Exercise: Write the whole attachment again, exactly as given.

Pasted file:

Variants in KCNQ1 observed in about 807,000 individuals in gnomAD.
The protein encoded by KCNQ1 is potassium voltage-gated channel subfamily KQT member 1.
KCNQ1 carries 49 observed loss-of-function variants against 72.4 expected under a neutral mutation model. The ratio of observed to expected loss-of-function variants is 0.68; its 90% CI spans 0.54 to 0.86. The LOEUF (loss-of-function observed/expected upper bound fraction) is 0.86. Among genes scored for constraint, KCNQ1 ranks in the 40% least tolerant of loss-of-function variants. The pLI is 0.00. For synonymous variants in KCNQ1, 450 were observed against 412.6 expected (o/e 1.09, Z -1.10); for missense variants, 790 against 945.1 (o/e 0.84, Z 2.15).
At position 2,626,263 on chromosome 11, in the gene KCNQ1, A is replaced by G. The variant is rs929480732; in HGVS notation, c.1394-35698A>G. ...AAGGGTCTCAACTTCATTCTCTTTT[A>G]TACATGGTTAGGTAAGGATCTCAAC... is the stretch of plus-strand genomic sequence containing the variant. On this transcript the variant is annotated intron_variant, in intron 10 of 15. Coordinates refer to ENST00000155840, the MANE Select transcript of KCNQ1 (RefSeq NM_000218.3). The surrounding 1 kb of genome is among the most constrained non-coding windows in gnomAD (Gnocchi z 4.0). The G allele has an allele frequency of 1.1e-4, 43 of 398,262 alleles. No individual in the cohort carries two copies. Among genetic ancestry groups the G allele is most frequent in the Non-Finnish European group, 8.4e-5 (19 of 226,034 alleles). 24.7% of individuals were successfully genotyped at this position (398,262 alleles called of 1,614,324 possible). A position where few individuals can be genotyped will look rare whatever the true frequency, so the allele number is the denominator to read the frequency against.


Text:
Variants in KCNQ1 observed in about 807,000 individuals in gnomAD.
The protein encoded by KCNQ1 is potassium voltage-gated channel subfamily KQT member 1.
KCNQ1 carries 49 observed loss-of-function variants against 72.4 expected under a neutral mutation model. The ratio of observed to expected loss-of-function variants is 0.68; its 90% CI spans 0.54 to 0.86. The LOEUF (loss-of-function observed/expected upper bound fraction) is 0.86. Among genes scored for constraint, KCNQ1 ranks in the 40% least tolerant of loss-of-function variants. The pLI is 0.00. For synonymous variants in KCNQ1, 450 were observed against 412.6 expected (o/e 1.09, Z -1.10); for missense variants, 790 against 945.1 (o/e 0.84, Z 2.15).
At position 2,626,263 on chromosome 11, in the gene KCNQ1, A is replaced by G. The variant is rs929480732; in HGVS notation, c.1394-35698A>G. ...AAGGGTCTCAACTTCATTCTCTTTT[A>G]TACATGGTTAGGTAAGGATCTCAAC... is the stretch of plus-strand genomic sequence containing the variant. On this transcript the variant is annotated intron_variant, in intron 10 of 15. Coordinates refer to ENST00000155840, the MANE Select transcript of KCNQ1 (RefSeq NM_000218.3). The surrounding 1 kb of genome is among the most constrained non-coding windows in gnomAD (Gnocchi z 4.0). The G allele has an allele frequency of 1.1e-4, 43 of 398,262 alleles. No individual in the cohort carries two copies. Among genetic ancestry groups the G allele is most frequent in the Non-Finnish European group, 8.4e-5 (19 of 226,034 alleles). 24.7% of individuals were successfully genotyped at this position (398,262 alleles called of 1,614,324 possible). A position where few individuals can be genotyped will look rare whatever the true frequency, so the allele number is the denominator to read the frequency against.